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Constipation & Laxative Use

Constipation & Laxative Use

Constipation & Laxative Use

I often get asked if ‘laxatives’ are bad.

This is a tricky question. Constipation is never a good thing. If you’re not pooping at least once a day (three times is ideal!), you are at risk of developing bacterial overgrowth, toxin-overload and motility & digestive issues, which can then compound the constipation further.

While laxatives are helpful for those with constipation, there is a risk of developing a dependency on laxatives. So it is always good to work with a practitioner (like me!) to work out the root cause of the constipation and treat as necessary. During treatment, laxatives are often a necessary part of my protocols, to ensure bowels are moving regularly.

Laxatives, however, aren’t all made equal. Many pharmaceutical laxatives, like Movicol, alkalinise the colon (the colon should be more acidic) which can then reduce beneficial butyrate producing microbes & short-chain fatty acids (SCFA). When these are low, the gut can become very inflamed, and can potentially make the constipation worse in the long-run.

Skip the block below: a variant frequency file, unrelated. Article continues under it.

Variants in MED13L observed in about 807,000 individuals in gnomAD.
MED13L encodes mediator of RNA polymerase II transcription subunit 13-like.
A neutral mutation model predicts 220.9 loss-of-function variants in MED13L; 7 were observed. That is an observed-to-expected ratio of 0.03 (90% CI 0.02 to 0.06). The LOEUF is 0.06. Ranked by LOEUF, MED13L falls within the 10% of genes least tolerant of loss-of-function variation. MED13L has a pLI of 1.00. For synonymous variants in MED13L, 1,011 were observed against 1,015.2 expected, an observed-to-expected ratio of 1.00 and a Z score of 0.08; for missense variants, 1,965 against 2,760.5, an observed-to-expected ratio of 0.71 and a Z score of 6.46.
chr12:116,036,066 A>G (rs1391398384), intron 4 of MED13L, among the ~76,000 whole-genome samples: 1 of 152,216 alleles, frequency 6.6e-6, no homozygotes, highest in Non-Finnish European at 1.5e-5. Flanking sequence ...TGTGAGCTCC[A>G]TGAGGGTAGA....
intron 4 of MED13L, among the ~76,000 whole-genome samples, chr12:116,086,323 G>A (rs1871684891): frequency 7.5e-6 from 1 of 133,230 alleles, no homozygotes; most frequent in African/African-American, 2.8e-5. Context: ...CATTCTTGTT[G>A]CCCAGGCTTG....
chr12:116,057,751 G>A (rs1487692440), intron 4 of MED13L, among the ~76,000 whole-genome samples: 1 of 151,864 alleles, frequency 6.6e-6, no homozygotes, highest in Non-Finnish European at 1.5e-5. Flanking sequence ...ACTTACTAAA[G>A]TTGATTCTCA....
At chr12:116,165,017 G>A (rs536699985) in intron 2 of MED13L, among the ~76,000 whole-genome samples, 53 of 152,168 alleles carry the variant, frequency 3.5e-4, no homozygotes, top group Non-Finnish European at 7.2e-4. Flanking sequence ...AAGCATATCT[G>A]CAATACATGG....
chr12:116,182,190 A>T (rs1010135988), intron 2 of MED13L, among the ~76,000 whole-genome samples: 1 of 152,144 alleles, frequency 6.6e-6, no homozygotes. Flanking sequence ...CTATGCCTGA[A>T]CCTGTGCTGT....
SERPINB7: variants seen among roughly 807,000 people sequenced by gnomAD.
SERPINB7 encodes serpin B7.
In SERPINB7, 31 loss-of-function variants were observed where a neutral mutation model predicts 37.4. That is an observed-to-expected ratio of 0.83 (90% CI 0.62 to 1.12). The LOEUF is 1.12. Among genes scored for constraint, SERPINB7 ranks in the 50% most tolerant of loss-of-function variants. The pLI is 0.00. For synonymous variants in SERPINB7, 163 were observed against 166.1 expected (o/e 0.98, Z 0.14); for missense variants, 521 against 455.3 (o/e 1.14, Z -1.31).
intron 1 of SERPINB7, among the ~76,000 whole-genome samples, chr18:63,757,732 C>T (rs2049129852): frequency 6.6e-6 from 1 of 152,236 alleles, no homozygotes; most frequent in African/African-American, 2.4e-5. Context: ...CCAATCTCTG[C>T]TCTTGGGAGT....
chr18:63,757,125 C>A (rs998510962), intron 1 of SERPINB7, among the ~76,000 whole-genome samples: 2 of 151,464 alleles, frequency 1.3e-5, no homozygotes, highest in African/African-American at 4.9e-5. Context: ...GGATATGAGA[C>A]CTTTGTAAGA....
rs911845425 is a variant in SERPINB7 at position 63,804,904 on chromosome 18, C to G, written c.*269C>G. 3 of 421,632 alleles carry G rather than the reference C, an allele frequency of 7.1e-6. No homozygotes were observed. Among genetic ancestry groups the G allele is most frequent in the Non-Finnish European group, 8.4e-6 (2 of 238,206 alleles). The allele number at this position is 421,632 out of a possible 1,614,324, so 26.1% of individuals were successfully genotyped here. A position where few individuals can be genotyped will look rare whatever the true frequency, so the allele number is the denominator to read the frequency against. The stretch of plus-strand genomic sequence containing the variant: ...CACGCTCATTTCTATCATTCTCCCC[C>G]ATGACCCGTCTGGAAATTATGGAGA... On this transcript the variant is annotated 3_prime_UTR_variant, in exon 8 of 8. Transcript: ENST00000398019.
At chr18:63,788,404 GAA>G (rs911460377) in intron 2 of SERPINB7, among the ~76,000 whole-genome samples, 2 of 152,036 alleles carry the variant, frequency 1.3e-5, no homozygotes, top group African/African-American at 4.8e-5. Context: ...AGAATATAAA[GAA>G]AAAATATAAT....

My top three natural laxatives would be:

1. Lactulose – this is a non-absorbable sugar which works great as a stool softener & to speed up transit time. It also helps to restore microbiota balance and can even help heal leaky gut.

2. Magnesium – but for a laxative, you need to use the cheapest, crappiest (mind the pun, lol!) form of magnesium, such as magnesium oxide. Magnesium oxide is poorly absorbed (hence why it is so cheap, as it has little therapeutic properties), so it bulks up in the bowels, and hence, softens stool.

3. Good old Vitamin C can also be useful as a laxative. In some of my functional medicine protocols, I do use a very good blend of Vitamin C, and my clients always mention the positive side-effect of more regular pooing!

~ Filipa Bellette
Clinical Nutritionist
Functional Medicine Practitioner

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